Types of Artificial Intelligence
Posted by acstopstar
Last Updated: March 09, 2012
The truth of artificial intelligence is broken down into two groups: weak A.I. which is basically a computer manipulating formulas and strong A.I. that can think freely.

Contrary to the pop culture phenomena seen on the silver screen, artificial intelligence is in an age of relative infancy. Presently, technology is nowhere near such highly functional A.I. as seen in movies such as iRobot and Terminator. Artificial intelligence is broken down into two groups, strong and weak (Bethell, 2006).

Weak Artificial Intelligence

Weak A.I. refers to technology that is able to manipulate predetermined rules and apply the rules to reach a well-defined goal (Bethell, 2006). This type of A.I. is presently incorporated into society, especially in large industries. Assembly lines, for example utilize programs that allow machines to work independently of their operator for hours on end (Bethell, 2006). Voice recognition software is also considered a large part of artificial intelligence (Bethell, 2006).

Weak A.I. also has a very exciting future. With the exponential growth of computing power at hand, scientists believe that weak A.I. breakthroughs are in the near future. One technology that is projected to emerge is the super-computer. Super computers will be equipped with so much power that they will be able to be used as “expert systems” which will be able to use a database of expert knowledge to solve everyday problems (Boden, 1990).

While all of these breakthroughs seem very promising, the most inspirational technologies that are projected to emerge from the development of weak A.I. are the robotic, genetic and nanotechnological revolutions. These three revolutions are linked together. The thought is that once the human body is decrypted via the revolution in genetics, robots will be able to be made which will serve to treat the various malfunctions of the human body. Once this is accomplished, the hope is that a nanotechnology revolution will take place in which the robots that treat disease will be able to actually be incorporated into our bodies, function autonomously and fix our malfunctions (Kurzweil, 2006). Weak artificial intelligence is presently in use and has a very promising future, but is this technology truly intelligent?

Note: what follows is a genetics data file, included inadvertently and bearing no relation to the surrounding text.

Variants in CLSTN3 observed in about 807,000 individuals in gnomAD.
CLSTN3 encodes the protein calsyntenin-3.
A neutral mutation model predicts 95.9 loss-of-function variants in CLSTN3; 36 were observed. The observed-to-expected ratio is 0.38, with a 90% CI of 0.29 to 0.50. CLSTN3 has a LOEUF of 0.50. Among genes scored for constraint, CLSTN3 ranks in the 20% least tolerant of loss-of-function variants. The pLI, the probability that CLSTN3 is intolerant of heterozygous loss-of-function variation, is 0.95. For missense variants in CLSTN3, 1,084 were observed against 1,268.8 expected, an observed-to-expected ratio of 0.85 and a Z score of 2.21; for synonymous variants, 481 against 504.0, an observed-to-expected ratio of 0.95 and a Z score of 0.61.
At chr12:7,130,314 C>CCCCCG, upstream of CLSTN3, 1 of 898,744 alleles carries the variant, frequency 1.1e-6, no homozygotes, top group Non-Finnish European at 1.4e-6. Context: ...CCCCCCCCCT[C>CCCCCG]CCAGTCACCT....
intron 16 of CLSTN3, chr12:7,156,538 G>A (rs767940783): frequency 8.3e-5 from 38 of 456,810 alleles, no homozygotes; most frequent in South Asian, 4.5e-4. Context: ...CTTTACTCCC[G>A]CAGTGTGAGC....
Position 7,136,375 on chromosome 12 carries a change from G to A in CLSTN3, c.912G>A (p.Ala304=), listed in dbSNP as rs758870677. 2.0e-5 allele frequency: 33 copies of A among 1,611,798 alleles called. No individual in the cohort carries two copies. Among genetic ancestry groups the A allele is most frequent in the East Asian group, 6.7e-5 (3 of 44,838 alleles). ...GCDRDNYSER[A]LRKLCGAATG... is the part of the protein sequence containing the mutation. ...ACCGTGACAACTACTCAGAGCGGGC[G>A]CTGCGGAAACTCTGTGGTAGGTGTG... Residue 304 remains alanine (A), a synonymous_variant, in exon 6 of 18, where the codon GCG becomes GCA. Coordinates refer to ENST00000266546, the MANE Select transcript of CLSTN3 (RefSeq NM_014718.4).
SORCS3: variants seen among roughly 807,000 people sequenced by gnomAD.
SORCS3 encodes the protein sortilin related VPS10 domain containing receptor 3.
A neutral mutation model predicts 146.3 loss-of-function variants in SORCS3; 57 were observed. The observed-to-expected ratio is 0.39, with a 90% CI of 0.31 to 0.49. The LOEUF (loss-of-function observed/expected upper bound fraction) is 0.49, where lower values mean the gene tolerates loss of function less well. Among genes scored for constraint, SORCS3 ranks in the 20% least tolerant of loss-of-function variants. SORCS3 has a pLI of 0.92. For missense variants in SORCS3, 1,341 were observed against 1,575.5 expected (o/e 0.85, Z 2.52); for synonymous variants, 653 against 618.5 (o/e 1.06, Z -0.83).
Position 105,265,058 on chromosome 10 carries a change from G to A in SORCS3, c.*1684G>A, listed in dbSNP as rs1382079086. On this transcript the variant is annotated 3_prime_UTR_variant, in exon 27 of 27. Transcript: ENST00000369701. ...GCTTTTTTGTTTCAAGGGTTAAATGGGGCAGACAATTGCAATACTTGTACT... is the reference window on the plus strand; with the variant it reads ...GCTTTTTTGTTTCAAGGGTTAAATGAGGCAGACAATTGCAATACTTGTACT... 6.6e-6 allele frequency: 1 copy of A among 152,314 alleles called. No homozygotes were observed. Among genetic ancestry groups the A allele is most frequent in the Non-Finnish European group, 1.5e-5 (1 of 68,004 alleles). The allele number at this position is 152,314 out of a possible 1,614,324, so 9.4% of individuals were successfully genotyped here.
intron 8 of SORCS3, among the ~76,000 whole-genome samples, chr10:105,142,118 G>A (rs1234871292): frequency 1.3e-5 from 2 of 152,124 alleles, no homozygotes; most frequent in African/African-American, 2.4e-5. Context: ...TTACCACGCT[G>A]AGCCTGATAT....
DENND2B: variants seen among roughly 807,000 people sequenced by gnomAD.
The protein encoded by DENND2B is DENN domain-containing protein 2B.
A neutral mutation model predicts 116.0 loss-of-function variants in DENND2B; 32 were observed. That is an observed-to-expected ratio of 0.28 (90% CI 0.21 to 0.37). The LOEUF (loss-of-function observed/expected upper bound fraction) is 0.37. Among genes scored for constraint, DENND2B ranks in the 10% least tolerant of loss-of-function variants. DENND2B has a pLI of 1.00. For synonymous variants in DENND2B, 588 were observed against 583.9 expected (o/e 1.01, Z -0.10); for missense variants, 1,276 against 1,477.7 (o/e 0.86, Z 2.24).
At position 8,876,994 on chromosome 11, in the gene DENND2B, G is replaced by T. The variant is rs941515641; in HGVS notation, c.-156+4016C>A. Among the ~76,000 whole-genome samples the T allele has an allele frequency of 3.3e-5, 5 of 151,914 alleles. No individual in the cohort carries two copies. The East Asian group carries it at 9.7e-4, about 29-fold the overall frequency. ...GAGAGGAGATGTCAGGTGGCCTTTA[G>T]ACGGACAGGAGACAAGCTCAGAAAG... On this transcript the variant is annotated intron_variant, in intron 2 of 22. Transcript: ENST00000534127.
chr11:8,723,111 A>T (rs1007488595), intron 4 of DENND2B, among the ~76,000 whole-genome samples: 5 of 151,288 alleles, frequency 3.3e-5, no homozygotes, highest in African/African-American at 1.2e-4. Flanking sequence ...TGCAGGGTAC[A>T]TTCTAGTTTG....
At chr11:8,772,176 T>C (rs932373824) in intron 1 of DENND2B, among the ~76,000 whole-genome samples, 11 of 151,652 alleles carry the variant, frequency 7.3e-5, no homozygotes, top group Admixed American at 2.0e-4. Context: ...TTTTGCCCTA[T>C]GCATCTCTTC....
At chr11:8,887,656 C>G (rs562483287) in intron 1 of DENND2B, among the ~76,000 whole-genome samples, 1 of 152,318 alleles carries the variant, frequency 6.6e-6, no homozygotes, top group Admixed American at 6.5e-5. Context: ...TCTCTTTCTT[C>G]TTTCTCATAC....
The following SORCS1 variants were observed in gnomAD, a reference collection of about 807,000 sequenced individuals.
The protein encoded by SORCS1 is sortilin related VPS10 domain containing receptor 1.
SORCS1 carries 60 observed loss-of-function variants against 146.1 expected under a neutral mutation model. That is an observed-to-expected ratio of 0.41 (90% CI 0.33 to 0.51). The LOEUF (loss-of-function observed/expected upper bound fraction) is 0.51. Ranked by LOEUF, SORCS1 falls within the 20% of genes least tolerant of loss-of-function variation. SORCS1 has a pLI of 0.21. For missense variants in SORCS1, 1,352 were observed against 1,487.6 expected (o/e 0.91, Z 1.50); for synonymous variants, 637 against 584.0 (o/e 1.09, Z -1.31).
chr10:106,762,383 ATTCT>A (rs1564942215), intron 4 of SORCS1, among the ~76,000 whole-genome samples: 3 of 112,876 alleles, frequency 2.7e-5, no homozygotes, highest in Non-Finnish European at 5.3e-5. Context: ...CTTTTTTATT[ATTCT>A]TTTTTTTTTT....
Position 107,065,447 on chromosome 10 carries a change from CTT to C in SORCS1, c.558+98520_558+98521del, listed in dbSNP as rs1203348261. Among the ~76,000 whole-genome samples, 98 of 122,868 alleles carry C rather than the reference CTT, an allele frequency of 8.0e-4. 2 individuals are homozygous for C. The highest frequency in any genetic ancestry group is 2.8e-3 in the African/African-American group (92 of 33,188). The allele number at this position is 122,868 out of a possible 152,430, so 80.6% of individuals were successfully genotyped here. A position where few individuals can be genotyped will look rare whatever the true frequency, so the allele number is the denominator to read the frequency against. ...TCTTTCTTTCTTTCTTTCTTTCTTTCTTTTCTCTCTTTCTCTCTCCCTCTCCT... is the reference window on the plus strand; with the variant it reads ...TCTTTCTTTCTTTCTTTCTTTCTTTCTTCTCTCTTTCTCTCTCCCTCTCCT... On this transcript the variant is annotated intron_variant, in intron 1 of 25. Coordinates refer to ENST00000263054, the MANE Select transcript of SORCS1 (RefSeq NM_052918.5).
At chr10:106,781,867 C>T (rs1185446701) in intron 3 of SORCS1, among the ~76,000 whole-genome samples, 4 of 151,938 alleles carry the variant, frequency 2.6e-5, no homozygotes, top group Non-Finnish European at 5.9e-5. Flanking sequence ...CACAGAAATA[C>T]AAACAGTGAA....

Strong Artificial Intelligence

The second form of artificial intelligence is strong A.I. Strong A.I. refers to technology that has the ability to think cognitively or is able to function in a way similar to the human brain (Bethell, 2006). While some say this technology will never be achieved or is eons from being achieved, the basic hopes for the technology still exist. One hope is incorporated into the weak technological revolution of nanotechnology. The hope is that these nanobots will not only be able to help our bodies fight disease but also to make our bodies more intelligent (Kurzweil, 2006). The other hope is to engineer an artificial neural network capable of functioning that is comparable to a human brain. Although strong A.I. is still only in the conceptive stage, it is this technology that is the fuel that drives the fear associated with artificial intelligence.

Whether the technology in the future is classified as "intelligent" or not, it is certain that we are in store for some pretty amazing innovations to come. Some of these technologies already have there roots in the present weak A.I. in such places as assembly lines and security features. Whether artificial is technology takes a plunge towards the weak or towards the strong is still debatable ,but the drive to see just how far our technology can go will allow human kind to see and live a truly remarkable period of technological prowess.


Bethell, T. (2006, July/August). The search for artificial intelligence. American Spectator, 39(6), 26-35. Retrieved February 5, 2008, from eLibrary.

Boden, M. (1990). The social impact of artificial intelligence. In R. Kurzweil (Ed.), The Age of Intelligent Machines (pp. 450-453) Cambridge, MA: The MIT Press.

Kurzweil, R. (2006). Reinventing humanity: The future of machine-human intelligence. The Futurist, 40, 39. Retrieved February 5, 2008, from eLibrary.

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